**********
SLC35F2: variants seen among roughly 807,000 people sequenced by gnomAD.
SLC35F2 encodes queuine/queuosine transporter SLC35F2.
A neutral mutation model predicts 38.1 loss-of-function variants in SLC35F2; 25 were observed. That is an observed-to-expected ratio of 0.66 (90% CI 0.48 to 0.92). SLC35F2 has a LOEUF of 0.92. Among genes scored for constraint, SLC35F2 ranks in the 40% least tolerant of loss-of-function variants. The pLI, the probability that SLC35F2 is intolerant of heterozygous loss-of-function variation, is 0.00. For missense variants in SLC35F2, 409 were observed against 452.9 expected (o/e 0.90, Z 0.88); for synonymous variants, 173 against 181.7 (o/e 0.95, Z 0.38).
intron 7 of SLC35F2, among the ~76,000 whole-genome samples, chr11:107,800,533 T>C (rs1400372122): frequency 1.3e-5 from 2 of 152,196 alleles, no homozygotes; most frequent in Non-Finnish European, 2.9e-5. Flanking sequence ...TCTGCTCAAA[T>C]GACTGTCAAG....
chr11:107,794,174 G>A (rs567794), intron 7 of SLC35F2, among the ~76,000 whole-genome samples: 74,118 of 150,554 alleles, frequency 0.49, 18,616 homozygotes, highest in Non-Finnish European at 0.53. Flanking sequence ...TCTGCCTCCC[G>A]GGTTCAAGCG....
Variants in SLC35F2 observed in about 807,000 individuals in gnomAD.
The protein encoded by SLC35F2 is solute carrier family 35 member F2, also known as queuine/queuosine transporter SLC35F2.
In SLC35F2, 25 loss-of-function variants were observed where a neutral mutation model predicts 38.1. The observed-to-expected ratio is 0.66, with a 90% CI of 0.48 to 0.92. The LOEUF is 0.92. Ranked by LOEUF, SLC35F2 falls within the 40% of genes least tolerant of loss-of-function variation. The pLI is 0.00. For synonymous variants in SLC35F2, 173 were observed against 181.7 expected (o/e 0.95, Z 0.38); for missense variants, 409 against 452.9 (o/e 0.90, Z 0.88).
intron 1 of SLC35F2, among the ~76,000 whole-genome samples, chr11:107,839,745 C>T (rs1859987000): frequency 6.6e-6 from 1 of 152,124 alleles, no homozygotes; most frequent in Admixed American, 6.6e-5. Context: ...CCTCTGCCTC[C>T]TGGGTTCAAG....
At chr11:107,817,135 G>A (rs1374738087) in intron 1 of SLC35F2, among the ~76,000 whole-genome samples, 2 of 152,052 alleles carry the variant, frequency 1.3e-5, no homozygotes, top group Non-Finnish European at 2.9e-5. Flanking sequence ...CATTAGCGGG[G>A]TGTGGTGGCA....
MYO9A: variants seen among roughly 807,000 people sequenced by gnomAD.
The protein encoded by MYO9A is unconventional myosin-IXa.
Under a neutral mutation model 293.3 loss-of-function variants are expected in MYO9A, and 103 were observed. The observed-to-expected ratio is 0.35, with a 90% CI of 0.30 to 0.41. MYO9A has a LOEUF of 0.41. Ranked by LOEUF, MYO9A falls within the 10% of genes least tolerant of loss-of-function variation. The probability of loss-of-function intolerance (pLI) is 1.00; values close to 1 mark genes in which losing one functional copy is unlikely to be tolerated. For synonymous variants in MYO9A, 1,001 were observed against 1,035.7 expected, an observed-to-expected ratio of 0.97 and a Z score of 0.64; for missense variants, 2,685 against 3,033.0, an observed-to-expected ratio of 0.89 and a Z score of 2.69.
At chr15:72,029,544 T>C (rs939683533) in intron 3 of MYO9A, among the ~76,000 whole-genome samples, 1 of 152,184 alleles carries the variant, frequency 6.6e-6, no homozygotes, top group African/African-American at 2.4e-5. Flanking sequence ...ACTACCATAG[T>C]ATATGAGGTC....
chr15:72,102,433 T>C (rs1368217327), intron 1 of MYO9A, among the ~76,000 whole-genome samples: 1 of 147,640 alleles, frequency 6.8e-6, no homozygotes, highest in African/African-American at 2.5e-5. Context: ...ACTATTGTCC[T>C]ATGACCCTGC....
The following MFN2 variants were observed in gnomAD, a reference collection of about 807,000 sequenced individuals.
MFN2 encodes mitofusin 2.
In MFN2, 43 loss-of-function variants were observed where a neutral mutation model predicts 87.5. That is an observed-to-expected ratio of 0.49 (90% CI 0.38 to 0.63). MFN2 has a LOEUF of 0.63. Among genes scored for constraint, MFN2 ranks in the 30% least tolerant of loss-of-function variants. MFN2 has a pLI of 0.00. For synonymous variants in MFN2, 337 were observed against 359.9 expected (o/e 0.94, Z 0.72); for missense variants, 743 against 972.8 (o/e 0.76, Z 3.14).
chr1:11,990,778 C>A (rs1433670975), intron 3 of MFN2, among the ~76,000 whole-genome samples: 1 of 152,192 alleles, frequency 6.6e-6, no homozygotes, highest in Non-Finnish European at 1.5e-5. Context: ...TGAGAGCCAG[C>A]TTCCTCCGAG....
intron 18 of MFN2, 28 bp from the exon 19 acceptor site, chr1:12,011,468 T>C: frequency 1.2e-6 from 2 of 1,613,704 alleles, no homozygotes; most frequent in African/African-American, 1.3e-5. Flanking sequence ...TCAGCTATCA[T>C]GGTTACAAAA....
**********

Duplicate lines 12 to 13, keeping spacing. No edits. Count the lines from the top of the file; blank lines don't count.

The protein encoded by MYO9A is unconventional myosin-IXa.
Under a neutral mutation model 293.3 loss-of-function variants are expected in MYO9A, and 103 were observed. The observed-to-expected ratio is 0.35, with a 90% CI of 0.30 to 0.41. MYO9A has a LOEUF of 0.41. Ranked by LOEUF, MYO9A falls within the 10% of genes least tolerant of loss-of-function variation. The probability of loss-of-function intolerance (pLI) is 1.00; values close to 1 mark genes in which losing one functional copy is unlikely to be tolerated. For synonymous variants in MYO9A, 1,001 were observed against 1,035.7 expected, an observed-to-expected ratio of 0.97 and a Z score of 0.64; for missense variants, 2,685 against 3,033.0, an observed-to-expected ratio of 0.89 and a Z score of 2.69.